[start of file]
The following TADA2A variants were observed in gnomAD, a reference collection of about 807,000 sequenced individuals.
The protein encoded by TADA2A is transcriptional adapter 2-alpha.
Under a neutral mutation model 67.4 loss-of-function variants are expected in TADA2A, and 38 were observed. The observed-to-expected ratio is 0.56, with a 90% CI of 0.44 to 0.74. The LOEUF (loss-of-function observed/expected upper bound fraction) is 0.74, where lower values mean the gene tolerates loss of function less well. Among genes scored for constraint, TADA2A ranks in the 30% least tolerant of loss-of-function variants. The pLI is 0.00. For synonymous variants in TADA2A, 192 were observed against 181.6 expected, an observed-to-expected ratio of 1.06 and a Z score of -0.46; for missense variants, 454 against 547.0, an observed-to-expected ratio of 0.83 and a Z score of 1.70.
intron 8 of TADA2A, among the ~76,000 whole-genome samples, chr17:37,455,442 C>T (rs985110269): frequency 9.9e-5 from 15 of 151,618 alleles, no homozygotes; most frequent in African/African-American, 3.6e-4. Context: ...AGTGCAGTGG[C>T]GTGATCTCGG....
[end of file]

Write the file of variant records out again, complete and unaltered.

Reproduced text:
The following TADA2A variants were observed in gnomAD, a reference collection of about 807,000 sequenced individuals.
The protein encoded by TADA2A is transcriptional adapter 2-alpha.
Under a neutral mutation model 67.4 loss-of-function variants are expected in TADA2A, and 38 were observed. The observed-to-expected ratio is 0.56, with a 90% CI of 0.44 to 0.74. The LOEUF (loss-of-function observed/expected upper bound fraction) is 0.74, where lower values mean the gene tolerates loss of function less well. Among genes scored for constraint, TADA2A ranks in the 30% least tolerant of loss-of-function variants. The pLI is 0.00. For synonymous variants in TADA2A, 192 were observed against 181.6 expected, an observed-to-expected ratio of 1.06 and a Z score of -0.46; for missense variants, 454 against 547.0, an observed-to-expected ratio of 0.83 and a Z score of 1.70.
intron 8 of TADA2A, among the ~76,000 whole-genome samples, chr17:37,455,442 C>T (rs985110269): frequency 9.9e-5 from 15 of 151,618 alleles, no homozygotes; most frequent in African/African-American, 3.6e-4. Context: ...AGTGCAGTGG[C>T]GTGATCTCGG....